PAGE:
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   Re: [xml-dev] JSR 225 - XQJ: JDBC for XQuery

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Elliotte Rusty Harold says:

> It is time to remind ourselves of what James Gosling figured out in 1990. 
> A successful standard needs to wait until there's some actual experience 
> in the field being standardized. 
> <http://java.sun.com/people/jag/StandardsPhases/> You don't want to 
> standardize until you understand the problem domain, and have seen 
> multiple, competing possibilities."

Completely agree, especially with the reference to the old Gosling paper.
That is phenomenally prescient of what is happening in the XML standards

> This JSR should be rejected in toto. None of this should be seen as 
> preventing Oracle and IBM from working on XQuery APIs. However, before we 
> establish any API as *the* XQuery API for Java, we need to have at least 
> a year or two's worth of actual production experience with different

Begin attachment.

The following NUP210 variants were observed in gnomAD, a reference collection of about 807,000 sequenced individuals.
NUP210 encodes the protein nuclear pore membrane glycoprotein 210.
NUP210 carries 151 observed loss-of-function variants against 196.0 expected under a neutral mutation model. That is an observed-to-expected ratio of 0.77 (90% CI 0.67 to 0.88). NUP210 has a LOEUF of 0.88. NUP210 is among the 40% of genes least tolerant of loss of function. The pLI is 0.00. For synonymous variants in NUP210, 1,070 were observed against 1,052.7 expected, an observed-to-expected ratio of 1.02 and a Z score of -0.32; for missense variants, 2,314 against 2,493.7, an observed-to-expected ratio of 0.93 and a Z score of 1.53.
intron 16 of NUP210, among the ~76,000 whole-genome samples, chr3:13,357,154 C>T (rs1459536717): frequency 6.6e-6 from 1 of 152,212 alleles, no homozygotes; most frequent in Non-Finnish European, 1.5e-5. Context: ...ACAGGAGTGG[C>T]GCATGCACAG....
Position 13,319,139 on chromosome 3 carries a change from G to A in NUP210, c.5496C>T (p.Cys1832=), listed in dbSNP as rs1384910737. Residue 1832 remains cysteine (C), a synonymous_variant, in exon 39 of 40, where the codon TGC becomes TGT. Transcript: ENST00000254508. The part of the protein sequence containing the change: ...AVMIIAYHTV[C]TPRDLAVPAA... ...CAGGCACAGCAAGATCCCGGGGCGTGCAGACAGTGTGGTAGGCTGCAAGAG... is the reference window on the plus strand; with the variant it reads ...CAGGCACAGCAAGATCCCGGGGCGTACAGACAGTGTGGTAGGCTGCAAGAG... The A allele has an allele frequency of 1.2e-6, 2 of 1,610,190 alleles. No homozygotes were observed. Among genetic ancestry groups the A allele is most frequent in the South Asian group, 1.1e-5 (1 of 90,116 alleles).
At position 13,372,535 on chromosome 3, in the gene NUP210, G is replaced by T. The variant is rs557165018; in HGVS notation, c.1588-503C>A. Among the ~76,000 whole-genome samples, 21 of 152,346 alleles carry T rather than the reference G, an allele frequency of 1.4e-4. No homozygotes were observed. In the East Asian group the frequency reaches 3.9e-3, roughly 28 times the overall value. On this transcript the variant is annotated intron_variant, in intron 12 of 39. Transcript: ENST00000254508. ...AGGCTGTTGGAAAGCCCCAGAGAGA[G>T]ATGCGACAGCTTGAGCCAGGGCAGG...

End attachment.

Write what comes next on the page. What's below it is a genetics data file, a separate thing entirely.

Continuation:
> XQuery APIs so we can learn what works and what doesn't, and what should 
> be standardized and what shouldn't.

Uhh, completely disagree!  First, look at the proposed schedule in

"Expert Group Formed:
June 2003
Community Draft:
following the publication of the XQuery 1.0 Last Call Working Draft
(a second Community Draft might be issued after the publication of the 
XQuery 1.0 Candidate Recommendation)
Public Review Draft:
following the publication of the XQuery 1.0 Proposed Recommendation
Final Release:
following the publication of the XQuery 1.0 Recommendation"

There *will* be a year or two before XQuery becomes a Recommendation <duck> 
for XQJ and XQuery to inform one another and to benefit from each other's 
implementation experience.  Also, there is *plenty" of experience with 
proprietary XML DB APIs by the various XML DBMS vendors to draw on (maybe 
not for full XQuery, but for much of the subset of XQuery that ordinary 
mortals will actually use, aka XPath 1.0 <duck>).

In Gosling's terms, XML DBMS querying APIs appear to be just now entering 
the "window of standardization".  If the industry waits much longer, the 
political interest, i.e., the dominant vendors not wanting to inconvenience 
their customers by agreeing to standards that break existing applications, 
will become dominant and the window will have closed.



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